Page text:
Jonathan Anderson (WWD)
was thinking “universal and quirky,” for the first J.W. Anderson collaboration with Uniqlo, a mash-up of urban, collegiate and military-inspired looks and basics in oversized proportions, tartan and stripes.
The 33-piece collection for Uniqlo’s LifeWear, which was first revealed in March, will launch on September 19 in the U.K., followed by other markets. The collection is for men and women with pieces including a duffle coat, an oversized striped turtleneck with ties around the wrists, a crewneck sweater with an abstract fish floating across the front, a tartan down jacket and a matching padded tote.
“The point of doing this collaboration was that I believe in democracy in fashion,” said Anderson. “What I hope will be achieved is that any age demographic can pick up and find something within the collection to relate to. Doing something with Uniqlo means you come up with a wardrobe which is universal and quirky.”
Anderson also responded wholeheartedly to the Japanese idea of “reducing something to its essence. It can be culturally, textile, or silhouette-driven, but it’s about the idea of reducing something down so that you can create the most impact.”
Working with Uniqlo these past few months clearly got under Anderson’s skin: For his spring 2018 men’s collection at Pitti Uomo last month, the designer turned out updated takes on men’s wear staples such as the biker jacket, bomber, jean jacket and hoodie, along with the regular-guy T-shirt and cargo short.
Although those pieces came with prints, details and interesting plays on proportion, the collection swerved from Anderson’s usual exaggerated silhouettes, complex narratives and androgynous extremes.
Last month he told WWD he liked the idea of a white T-shirt and a chino short.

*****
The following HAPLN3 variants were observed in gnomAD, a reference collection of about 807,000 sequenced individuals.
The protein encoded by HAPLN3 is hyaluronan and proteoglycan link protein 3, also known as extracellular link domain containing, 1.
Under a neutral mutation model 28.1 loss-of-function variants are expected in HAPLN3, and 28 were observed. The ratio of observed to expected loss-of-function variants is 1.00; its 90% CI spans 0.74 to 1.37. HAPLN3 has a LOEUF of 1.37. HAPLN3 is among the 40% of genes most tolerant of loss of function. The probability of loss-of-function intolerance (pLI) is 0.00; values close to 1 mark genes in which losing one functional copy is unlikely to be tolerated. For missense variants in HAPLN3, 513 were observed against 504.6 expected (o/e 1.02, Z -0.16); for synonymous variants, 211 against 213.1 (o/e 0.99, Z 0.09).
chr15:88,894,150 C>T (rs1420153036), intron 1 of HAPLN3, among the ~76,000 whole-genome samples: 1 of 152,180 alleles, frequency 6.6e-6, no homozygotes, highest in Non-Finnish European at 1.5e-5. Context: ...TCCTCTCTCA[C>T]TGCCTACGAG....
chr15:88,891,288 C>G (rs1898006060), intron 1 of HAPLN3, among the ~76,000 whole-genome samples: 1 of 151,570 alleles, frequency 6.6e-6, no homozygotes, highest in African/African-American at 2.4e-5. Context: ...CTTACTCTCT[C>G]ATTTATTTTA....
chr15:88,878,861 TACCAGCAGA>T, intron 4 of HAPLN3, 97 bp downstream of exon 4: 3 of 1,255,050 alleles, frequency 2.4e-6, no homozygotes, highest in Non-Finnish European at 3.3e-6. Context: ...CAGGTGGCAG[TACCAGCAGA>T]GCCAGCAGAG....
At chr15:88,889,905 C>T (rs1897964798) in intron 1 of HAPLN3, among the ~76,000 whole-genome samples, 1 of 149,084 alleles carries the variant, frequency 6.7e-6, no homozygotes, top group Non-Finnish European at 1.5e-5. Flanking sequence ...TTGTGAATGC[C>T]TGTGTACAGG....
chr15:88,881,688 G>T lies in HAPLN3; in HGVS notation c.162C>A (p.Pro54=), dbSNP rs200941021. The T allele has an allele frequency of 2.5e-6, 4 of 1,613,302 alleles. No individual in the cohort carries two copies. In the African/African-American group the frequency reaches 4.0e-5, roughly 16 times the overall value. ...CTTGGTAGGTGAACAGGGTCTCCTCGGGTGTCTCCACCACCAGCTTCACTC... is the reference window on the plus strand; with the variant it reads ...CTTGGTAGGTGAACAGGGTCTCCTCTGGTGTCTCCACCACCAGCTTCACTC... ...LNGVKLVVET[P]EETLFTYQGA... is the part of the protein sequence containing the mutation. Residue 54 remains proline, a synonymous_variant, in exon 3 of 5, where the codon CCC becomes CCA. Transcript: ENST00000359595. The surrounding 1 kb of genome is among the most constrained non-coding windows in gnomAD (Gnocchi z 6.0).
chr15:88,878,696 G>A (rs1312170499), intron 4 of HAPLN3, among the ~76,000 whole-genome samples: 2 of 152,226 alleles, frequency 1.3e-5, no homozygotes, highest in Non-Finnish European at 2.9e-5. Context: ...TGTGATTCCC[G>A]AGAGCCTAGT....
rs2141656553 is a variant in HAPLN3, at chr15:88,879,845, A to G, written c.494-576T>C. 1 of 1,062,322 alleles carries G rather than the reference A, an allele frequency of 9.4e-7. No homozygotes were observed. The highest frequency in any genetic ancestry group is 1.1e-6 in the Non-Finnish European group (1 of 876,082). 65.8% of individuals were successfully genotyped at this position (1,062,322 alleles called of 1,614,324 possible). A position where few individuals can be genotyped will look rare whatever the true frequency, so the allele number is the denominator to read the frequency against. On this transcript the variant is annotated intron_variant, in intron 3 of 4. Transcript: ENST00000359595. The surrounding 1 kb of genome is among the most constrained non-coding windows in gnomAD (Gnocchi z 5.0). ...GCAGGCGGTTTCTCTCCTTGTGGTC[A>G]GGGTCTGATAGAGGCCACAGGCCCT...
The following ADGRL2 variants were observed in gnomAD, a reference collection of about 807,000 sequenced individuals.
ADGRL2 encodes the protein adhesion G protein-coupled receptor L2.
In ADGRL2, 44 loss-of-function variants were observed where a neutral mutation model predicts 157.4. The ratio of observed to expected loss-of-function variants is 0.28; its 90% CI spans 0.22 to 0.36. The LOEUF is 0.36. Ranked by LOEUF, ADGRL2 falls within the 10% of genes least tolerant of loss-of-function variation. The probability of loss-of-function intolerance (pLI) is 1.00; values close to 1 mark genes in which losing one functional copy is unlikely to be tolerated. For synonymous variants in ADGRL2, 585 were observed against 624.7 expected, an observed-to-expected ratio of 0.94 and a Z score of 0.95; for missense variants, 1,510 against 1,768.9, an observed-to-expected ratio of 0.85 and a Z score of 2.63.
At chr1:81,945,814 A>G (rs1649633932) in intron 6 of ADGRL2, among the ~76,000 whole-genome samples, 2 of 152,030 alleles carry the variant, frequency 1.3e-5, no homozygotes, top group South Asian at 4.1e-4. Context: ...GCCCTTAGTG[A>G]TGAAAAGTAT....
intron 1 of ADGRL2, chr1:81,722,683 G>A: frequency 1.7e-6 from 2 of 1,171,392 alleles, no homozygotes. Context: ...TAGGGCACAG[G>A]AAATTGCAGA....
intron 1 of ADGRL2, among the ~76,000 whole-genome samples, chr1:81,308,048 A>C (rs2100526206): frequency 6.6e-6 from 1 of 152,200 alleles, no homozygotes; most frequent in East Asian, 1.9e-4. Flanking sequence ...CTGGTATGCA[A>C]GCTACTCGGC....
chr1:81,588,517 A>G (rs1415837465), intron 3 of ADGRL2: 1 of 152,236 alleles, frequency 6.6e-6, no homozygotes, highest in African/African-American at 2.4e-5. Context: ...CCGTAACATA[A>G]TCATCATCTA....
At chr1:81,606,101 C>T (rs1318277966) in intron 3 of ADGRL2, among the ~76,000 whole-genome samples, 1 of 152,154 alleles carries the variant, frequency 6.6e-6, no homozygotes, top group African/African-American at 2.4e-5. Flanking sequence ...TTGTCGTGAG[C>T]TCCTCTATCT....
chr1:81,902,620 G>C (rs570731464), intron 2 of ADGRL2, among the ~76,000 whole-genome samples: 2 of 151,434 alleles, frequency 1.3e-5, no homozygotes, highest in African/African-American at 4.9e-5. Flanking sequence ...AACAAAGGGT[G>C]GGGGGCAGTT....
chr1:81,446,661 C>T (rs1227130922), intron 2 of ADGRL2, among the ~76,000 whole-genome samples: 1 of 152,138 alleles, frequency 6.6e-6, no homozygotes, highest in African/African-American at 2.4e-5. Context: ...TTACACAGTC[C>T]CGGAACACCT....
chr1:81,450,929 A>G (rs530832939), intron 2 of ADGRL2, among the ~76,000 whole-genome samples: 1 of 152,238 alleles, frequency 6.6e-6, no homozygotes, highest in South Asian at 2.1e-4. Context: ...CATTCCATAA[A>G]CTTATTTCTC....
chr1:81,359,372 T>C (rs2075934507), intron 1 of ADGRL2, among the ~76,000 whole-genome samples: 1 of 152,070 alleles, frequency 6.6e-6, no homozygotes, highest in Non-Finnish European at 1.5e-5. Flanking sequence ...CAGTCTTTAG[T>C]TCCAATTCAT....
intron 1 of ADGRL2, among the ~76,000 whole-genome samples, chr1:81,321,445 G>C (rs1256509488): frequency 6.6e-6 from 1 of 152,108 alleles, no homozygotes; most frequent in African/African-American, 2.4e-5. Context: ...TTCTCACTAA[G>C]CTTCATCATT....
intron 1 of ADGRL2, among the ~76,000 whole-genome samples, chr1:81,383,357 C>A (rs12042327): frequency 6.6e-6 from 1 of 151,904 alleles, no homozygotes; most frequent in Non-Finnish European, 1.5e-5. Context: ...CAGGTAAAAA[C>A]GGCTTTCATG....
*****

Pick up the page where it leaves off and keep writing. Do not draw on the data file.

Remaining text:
“What excites me is that reduction. You can have embellishment, but I think it’s about pulling back. We’re in a very odd moment in fashion, where it has become sugary and I think sometimes you have to take a step back to go forward,” Anderson said.
Yuki Katsuta, senior vice president of Fast Retailing and head of research and design at Uniqlo, said the new line embodies both labels’ shared vision of elegance, simplicity and individuality — with a strong British accent.
“We have combined the energy, creativity and traditional touches of J.W. Anderson with our fit, fabrics and functionality, as part of our quest to craft wardrobe essentials that are enduringly appealing,” Katsuta said.
Other pieces include a double-breasted belted trench with a tartan lining, a wool blended quilted jacket, Fair Isle sweaters, striped scarves, ruffle blouses and skirts and color-blocked fisherman knit sweaters. There are also herringbone tweed coats, shirts and knits in extra fine cotton or merino.
Heattech scarves and down jackets with ribbed cuffs and zipper tape are in the mix, too. Prices range from 14.90 pounds for a graphic T-shirt to 139.90 pounds for both the tweed and trenchcoats.
The collaboration with Anderson, who also sits at the creative helm of Loewe, is the latest in a long line of the retailer’s creative projects with designers and brands. Uniqlo’s best-known collaboration is probably J+, the collection that Jil Sander designed for the retailer from 2009 through 2011.
More recently, the company launched a Disney “Beauty and the Beast” collection and has partnered with fashion figures such as Inès de la Fressange and Carine Roitfeld, designer Christophe Lemaire and the Princesse Tam Tam brand. In addition, the artist Kaws has contributed designs to Uniqlo’s UT T-shirt franchise, whose creative director is Nigo.
The collection puts the spotlight once again on a British designer’s work with a high street giant. Last week Hennes & Mauritz AB said it was linking with London-based fashion brand Erdem for its next designer collaboration. It has tapped director Baz Luhrmann to create the visuals for the campaign. The capsule line will include designer Erdem Moralioglu’s first-ever collection for men, and will go on sale on November 2 in selected H&M stores as well as online.
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